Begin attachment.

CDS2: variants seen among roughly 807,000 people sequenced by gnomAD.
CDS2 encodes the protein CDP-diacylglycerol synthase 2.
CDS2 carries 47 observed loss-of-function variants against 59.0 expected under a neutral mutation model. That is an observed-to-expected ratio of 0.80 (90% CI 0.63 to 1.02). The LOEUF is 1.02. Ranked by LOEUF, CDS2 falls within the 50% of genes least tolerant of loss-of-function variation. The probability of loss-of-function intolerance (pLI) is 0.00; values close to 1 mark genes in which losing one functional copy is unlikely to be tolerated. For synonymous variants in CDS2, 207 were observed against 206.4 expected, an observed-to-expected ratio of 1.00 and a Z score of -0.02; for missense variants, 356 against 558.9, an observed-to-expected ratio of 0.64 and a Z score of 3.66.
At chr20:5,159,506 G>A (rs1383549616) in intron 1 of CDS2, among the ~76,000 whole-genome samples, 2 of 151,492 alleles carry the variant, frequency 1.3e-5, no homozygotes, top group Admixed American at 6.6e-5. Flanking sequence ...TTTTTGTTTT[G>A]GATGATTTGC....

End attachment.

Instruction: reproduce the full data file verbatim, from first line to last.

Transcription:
CDS2: variants seen among roughly 807,000 people sequenced by gnomAD.
CDS2 encodes the protein CDP-diacylglycerol synthase 2.
CDS2 carries 47 observed loss-of-function variants against 59.0 expected under a neutral mutation model. That is an observed-to-expected ratio of 0.80 (90% CI 0.63 to 1.02). The LOEUF is 1.02. Ranked by LOEUF, CDS2 falls within the 50% of genes least tolerant of loss-of-function variation. The probability of loss-of-function intolerance (pLI) is 0.00; values close to 1 mark genes in which losing one functional copy is unlikely to be tolerated. For synonymous variants in CDS2, 207 were observed against 206.4 expected, an observed-to-expected ratio of 1.00 and a Z score of -0.02; for missense variants, 356 against 558.9, an observed-to-expected ratio of 0.64 and a Z score of 3.66.
At chr20:5,159,506 G>A (rs1383549616) in intron 1 of CDS2, among the ~76,000 whole-genome samples, 2 of 151,492 alleles carry the variant, frequency 1.3e-5, no homozygotes, top group Admixed American at 6.6e-5. Flanking sequence ...TTTTTGTTTT[G>A]GATGATTTGC....